The famous Globe Theater, best known as William Shakespeare's favorite haunt, got a contemporary update with a new, mobile version made of shipping containers. Instead of wood, architect Nicholas Leahy of Perkins Eastman and structural engineer Michael Ludvik opted for steel to create a punk rock-inspired structure made out of shipping containers that appeals to younger, more modern audiences.
The structure is true to the original Globe Theater design, but instead of wood, it is enveloped in industrial mesh that filters daylight and allows the building to come alive at night. Project leader, architect Nicholas Leahy of Perkins Eastman, and structural engineer Michael Ludvik already collaborated on the London Globe project in the 1980s, before teaming up again to revamp Shakespeare’famous Globe Theater. The New York branch of Arup worked on the environmental performance studies for the theater.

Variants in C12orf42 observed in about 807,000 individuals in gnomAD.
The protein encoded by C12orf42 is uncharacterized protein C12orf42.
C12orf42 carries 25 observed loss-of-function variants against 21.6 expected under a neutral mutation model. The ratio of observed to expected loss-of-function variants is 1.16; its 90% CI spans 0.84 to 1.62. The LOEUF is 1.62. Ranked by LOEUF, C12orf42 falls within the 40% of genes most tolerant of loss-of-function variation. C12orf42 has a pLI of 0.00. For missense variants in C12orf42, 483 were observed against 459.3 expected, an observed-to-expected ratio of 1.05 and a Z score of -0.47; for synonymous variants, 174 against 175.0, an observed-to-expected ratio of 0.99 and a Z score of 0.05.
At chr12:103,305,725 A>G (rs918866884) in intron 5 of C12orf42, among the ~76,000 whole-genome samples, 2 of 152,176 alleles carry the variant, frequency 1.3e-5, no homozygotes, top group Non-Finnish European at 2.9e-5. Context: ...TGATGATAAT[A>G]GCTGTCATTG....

While steel sheets are not the common material used for building performance spaces, the designers discovered that the corrugation of the shipping containers has a great effect on the acoustic performance of the material. The containers were modified, cut and stacked on top of each other.
Among the main influences for the design were Sex Pistols and King Lear, as Vail mentioned in a TEDx Talk. This combination of classical theater and pop culture is reflected in the design, which is expected to be built in Detroit. It will act as a venue for a variety of performances. It is intended to become mobile and travel across the country.
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